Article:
Struggling German car manufacturer Opel, owned by General Motors, said on Monday it will cease assembling cars at its plant in Bochum, one of the company's four plants in the country, in 2016.
The move could lead to the loss of up to 3,000 jobs at the plant, which is half a century old. The warehousing operation at the site will remain and may be expanded, and components may still be produced there, though.
Employees were informed of the decision at a works council meeting on Monday.
"The assembly of complete vehicles in Bochum will end in 2016," said Opel's interim CEO, Thomas Sedran. The move comes in response to major losses caused by a sharp decline in sales in Europe.
The company is reacting with cost-cutting and the rollout of new models. Opel has some 20,000 employees in Germany, just over half of GM's total European workforce. It's not clear how many jobs will remain in Bochum after car production ends.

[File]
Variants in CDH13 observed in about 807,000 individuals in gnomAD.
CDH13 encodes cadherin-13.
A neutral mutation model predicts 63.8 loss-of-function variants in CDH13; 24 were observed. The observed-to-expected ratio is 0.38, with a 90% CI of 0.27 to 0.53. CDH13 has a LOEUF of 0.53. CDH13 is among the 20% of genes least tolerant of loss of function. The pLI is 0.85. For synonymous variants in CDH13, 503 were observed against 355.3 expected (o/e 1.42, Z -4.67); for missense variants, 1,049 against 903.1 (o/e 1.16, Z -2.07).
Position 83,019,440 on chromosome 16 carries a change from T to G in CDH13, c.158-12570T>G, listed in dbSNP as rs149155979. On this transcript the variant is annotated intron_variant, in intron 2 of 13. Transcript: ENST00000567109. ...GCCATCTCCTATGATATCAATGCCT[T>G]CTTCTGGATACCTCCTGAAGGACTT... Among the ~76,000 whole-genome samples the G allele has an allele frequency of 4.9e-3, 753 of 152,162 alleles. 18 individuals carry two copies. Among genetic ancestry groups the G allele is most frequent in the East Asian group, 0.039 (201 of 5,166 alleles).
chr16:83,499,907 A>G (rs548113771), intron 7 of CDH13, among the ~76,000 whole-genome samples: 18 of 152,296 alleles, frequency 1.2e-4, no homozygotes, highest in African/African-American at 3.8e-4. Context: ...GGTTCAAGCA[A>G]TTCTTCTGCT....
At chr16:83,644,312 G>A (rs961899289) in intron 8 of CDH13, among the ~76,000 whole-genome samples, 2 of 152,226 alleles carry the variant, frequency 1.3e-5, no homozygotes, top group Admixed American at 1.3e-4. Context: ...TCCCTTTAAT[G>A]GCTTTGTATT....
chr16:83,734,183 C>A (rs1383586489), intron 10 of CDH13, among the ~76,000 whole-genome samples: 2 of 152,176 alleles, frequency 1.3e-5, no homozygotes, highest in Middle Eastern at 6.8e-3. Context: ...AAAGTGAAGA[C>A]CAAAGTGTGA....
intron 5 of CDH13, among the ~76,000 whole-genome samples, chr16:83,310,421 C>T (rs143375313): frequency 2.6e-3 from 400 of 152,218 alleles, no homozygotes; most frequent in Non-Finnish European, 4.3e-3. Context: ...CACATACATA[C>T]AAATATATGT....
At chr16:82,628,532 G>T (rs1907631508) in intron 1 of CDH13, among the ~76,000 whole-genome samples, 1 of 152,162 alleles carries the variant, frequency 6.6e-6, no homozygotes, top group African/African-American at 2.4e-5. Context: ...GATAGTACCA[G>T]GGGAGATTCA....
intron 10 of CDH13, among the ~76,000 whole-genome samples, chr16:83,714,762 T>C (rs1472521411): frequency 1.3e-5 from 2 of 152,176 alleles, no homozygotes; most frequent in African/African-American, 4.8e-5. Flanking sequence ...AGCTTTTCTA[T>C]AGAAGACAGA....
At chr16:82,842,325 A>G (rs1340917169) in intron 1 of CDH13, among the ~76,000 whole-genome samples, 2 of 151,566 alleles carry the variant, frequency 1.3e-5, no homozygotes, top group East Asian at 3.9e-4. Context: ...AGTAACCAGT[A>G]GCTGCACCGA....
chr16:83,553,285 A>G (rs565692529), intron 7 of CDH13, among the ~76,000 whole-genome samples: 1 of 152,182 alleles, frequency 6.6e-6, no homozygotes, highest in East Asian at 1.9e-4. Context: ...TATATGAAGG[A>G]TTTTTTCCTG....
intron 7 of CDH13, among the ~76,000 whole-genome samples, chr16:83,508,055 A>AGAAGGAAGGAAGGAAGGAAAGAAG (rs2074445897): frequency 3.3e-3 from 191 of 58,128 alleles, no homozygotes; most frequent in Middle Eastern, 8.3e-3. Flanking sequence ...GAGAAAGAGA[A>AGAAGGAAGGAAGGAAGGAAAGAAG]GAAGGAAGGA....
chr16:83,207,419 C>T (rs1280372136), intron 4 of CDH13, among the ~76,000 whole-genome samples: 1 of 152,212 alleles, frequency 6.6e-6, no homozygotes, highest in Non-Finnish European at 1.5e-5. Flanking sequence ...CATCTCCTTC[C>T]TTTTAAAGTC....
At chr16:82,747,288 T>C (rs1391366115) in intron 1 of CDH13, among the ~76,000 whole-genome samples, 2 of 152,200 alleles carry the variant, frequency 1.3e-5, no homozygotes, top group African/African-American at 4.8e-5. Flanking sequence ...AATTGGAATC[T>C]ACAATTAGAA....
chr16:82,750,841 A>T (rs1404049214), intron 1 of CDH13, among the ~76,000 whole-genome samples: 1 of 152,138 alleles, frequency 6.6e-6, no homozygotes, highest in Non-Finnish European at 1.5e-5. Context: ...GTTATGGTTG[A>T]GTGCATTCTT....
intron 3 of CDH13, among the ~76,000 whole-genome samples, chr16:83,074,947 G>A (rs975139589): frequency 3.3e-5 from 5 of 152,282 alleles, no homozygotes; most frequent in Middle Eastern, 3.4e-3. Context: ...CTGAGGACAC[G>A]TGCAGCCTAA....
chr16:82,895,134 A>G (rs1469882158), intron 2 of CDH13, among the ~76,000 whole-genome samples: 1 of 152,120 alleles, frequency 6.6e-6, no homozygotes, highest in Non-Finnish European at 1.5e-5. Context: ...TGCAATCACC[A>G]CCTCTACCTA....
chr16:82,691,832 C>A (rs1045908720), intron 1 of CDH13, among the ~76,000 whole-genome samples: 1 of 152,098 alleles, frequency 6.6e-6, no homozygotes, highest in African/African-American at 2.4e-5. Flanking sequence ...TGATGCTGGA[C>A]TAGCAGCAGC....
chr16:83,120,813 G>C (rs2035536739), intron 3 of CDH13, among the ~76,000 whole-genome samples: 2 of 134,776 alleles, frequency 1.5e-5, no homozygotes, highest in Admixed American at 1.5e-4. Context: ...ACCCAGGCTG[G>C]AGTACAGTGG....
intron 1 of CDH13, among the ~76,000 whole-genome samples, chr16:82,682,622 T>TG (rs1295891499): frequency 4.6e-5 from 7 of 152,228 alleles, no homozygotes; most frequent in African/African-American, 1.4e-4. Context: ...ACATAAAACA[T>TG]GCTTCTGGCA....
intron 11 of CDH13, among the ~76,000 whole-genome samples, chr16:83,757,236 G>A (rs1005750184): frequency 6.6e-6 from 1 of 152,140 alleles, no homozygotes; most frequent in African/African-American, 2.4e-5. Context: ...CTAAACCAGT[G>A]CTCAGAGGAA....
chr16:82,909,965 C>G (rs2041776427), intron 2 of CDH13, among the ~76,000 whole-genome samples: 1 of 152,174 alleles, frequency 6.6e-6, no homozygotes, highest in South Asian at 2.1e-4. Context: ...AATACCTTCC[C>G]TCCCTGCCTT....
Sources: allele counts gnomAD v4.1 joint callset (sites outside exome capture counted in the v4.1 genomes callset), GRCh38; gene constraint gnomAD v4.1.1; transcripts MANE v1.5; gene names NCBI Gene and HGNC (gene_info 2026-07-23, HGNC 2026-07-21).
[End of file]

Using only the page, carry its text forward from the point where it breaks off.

"Opel will remain present in Bochum in the future," said Sedran. "Not just with the logistics center but also with the manufacture of components that has yet to be decided in detail."
Opel is among several large car manufacturers that have been hit by a downturn in sales caused by the euro crisis.
The company "will implement still-necessary job reductions in the most socially responsible way," Steve Girsky, chairman of Opel's board of directors and vice chairman of GM, said in a statement.
Opel hopes to avoid forced layoffs by offering workers jobs in other plants or attractive severance packages.
The company has been in talks since June with officials from the state of North Rhine-Westphalia, the city of Bochum and employee representatives about finding alternative uses for the Bochum plant.